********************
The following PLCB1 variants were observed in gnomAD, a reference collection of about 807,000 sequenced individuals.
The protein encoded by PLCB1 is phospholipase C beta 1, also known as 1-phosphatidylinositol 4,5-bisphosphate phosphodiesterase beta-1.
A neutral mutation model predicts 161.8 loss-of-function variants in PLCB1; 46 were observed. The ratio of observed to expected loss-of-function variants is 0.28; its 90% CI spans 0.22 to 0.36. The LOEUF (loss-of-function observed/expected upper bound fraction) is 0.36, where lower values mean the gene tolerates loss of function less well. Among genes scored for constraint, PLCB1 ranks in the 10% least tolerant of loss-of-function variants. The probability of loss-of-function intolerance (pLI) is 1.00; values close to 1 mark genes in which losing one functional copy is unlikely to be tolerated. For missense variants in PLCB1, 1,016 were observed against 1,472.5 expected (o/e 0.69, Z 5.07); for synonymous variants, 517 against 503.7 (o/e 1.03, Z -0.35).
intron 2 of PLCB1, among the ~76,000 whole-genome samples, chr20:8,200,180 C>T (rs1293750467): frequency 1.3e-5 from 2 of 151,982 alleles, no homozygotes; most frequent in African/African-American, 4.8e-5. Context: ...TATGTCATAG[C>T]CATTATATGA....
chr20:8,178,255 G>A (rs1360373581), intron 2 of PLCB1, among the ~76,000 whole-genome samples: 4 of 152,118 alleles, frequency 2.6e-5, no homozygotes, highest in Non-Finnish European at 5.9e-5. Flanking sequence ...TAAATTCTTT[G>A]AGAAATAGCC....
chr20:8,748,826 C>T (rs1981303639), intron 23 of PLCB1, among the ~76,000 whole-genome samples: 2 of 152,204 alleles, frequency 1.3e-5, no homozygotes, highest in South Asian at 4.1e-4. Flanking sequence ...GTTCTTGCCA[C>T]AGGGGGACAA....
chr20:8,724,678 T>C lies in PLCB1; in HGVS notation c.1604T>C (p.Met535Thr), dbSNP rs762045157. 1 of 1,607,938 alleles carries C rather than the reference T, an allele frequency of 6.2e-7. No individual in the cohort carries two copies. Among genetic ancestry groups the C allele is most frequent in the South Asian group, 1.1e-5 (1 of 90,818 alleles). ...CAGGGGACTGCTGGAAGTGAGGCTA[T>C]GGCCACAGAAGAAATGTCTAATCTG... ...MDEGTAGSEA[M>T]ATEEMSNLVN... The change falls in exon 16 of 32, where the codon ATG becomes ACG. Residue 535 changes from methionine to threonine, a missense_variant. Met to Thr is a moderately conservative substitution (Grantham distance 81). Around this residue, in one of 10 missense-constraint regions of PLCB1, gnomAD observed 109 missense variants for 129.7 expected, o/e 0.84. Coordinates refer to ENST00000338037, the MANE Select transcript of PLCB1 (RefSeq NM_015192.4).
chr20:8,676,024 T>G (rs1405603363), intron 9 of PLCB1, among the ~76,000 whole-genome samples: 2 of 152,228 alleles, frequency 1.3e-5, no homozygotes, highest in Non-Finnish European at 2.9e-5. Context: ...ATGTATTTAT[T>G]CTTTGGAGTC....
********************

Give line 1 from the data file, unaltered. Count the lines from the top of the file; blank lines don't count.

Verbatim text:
The following PLCB1 variants were observed in gnomAD, a reference collection of about 807,000 sequenced individuals.